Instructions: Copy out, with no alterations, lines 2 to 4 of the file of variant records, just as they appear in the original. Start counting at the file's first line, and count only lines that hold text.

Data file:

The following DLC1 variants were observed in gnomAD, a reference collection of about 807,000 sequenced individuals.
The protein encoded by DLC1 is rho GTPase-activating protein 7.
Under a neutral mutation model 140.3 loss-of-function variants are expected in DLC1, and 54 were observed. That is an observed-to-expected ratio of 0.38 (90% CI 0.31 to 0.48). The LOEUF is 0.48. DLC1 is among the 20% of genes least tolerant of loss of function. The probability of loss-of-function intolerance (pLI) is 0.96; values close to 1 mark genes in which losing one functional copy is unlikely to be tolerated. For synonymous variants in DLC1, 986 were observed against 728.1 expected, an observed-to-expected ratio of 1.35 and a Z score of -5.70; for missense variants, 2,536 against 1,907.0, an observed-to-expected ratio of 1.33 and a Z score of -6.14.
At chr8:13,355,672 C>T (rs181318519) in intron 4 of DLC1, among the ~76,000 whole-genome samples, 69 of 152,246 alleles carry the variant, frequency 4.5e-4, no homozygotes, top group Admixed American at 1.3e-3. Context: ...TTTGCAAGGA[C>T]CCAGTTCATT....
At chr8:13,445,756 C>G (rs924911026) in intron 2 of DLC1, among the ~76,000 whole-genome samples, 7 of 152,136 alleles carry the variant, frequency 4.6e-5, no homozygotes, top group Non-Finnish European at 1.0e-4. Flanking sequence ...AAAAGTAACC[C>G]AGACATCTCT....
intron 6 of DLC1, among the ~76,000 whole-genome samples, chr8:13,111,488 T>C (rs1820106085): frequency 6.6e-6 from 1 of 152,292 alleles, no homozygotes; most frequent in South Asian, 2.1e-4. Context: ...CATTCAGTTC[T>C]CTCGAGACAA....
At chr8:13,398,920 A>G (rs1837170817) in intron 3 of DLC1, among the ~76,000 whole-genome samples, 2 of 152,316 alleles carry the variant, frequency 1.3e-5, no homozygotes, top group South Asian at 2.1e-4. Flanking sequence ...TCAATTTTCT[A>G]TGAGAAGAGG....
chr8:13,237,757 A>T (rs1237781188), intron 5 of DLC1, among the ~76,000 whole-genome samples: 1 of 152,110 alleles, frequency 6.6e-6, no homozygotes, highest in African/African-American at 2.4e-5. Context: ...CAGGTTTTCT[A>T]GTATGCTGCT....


The protein encoded by DLC1 is rho GTPase-activating protein 7.
Under a neutral mutation model 140.3 loss-of-function variants are expected in DLC1, and 54 were observed. That is an observed-to-expected ratio of 0.38 (90% CI 0.31 to 0.48). The LOEUF is 0.48. DLC1 is among the 20% of genes least tolerant of loss of function. The probability of loss-of-function intolerance (pLI) is 0.96; values close to 1 mark genes in which losing one functional copy is unlikely to be tolerated. For synonymous variants in DLC1, 986 were observed against 728.1 expected, an observed-to-expected ratio of 1.35 and a Z score of -5.70; for missense variants, 2,536 against 1,907.0, an observed-to-expected ratio of 1.33 and a Z score of -6.14.
At chr8:13,355,672 C>T (rs181318519) in intron 4 of DLC1, among the ~76,000 whole-genome samples, 69 of 152,246 alleles carry the variant, frequency 4.5e-4, no homozygotes, top group Admixed American at 1.3e-3. Context: ...TTTGCAAGGA[C>T]CCAGTTCATT....